Early morning tornado kills multiple people, causes widespread damage in Missouri!– OnMyWay Mobile App User News

A large tornado ripped through southeastern Missouri before dawn on Wednesday, killing at least five people and causing widespread destruction as the third in a series of deadly massive storms over the past two weeks struck the nation’s heartland.

Forecasters kept a wary eye out for more possible tornadoes, hail and extreme weather as this year’s early storm season continued. It has spawned dozens of tornadoes, mainly in the South and Midwest, that have killed at least 63 people. Just last weekend, confirmed or suspected tornadoes in at least eight states laid waste to neighborhoods across a broad swath of the country.

Midwest tornadoes have typically occurred later in the spring, but this year’s early spate of severe weather continues a trend seen over the past few years, said Bill Bunting, chief of forecast operations at the National Weather Service Storm Prediction Center in Norman, Oklahoma.

“A tornado definitely touched down, there is damage to homes, we know that, there have been people injured, we don’t know the extent” or if there are fatalities, said meteorologist Justin Gibbs with the weather service in Paducah, Kentucky.

Gibbs said it appears initially that the tornado was on the ground for 15-20 miles (24-32 kilometers) in the area about 90 miles (145 km) south of St. Louis. He said the weather service will send a survey team to the area later Wednesday to assess the damage and determine the strength of the tornado.

The Missouri State Highway Patrol had earlier reported suspected tornado damage with a widespread debris field and some injuries in Bolinger County in the state’s southeast near the communities of Grassy and Marble Hill. Sgt. Clark Parrott of the Missouri State Highway Patrol told KFVS-TV it was not immediately clear how many were injured.

Messages seeking more details on the overnight damage were left by The Associated Press with Missouri Highway Patrol and Bolinger County Sheriff’s office Wednesday morning.

The storms come after severe weather and possibly dozens of tornadoes killed at least 32 people days ago, meaning more potential misery for those whose homes were destroyed in Arkansas, Iowa and Illinois.

The fierce storms started last Friday and continued into the weekend spawned deadly tornadoes in 11 states as the system plodded through Arkansas and onto the South, Midwest and Northeast.

Schools in Little Rock canceled Wednesday’s classes because the storms were expected to move through the metro during morning rush hour, KFVS-TV reported.

At least two tornadoes were confirmed Tuesday in Illinois as storms targeted the state and eastern Iowa and southwest Wisconsin before nightfall.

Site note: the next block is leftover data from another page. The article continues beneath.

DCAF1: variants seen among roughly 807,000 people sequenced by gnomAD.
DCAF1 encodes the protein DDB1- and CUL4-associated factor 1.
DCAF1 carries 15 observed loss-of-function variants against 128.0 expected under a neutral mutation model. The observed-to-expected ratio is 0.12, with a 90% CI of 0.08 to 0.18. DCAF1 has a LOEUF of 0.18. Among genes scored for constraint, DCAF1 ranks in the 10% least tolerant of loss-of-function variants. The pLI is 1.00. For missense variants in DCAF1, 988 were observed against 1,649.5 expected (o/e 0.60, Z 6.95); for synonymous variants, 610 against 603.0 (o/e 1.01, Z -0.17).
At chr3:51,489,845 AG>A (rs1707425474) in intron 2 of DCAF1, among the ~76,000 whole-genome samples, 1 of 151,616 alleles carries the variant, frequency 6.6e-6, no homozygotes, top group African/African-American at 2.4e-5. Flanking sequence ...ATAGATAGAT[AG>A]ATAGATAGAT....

The National Weather Service issued tornado warnings in Iowa and Illinois on Tuesday evening and said a confirmed twister was spotted southwest of Chicago near Bryant, Illinois. Officials said another tornado touched down Tuesday morning in the western Illinois community of Colona. Local news reports showed wind damage to some businesses there.

National Weather Service meteorologist John Gordon told reporters that a preliminary assessment showed the tornado touched down in Newburg, just south of downtown Louisville, with 90 mph winds and a width that likely spanned a football field. The area may have also been hit by a second tornado, Gordon said.

In Missouri, the tornado traversed rural Bollinger County, south of St. Louis, at a speed of about 45 mph for about 15 minutes sometime between 3:30 a.m. and 4 a.m. CT, National Weather Service meteorologist David Witten said.

The agency said the tornado appeared to be a high-end EF2, with estimated peak wind speeds of 130 mph.

“It was significant given how much damage it caused,” Witten said, adding: “It looks serious and bad.”

A preliminary assessment found that 87 buildings had been damaged, 12 of them destroyed, Missouri State Highway Patrol Superintendent Eric Olson said.

A tornado that tore across 15 miles of southern Iowa on Tuesday was a recorded as a high-end EF-1, with peak winds of 110 mph and a maximum width that stretched 50 yards, according to the National Weather Service.

Several buildings were damaged, but no injuries or deaths were reported, the agency said.

In Illinois, a local office for the agency said a tornado with peak winds of 160 mph and an EF3 rating struck an area southwest of Peoria on Tuesday night, injuring four people.

The twister lasted more than 20 minutes and covered roughly 18 miles, the agency said.

There have been at least 478 tornado reports across 25 states this year, doubling the average for this point in a single year.


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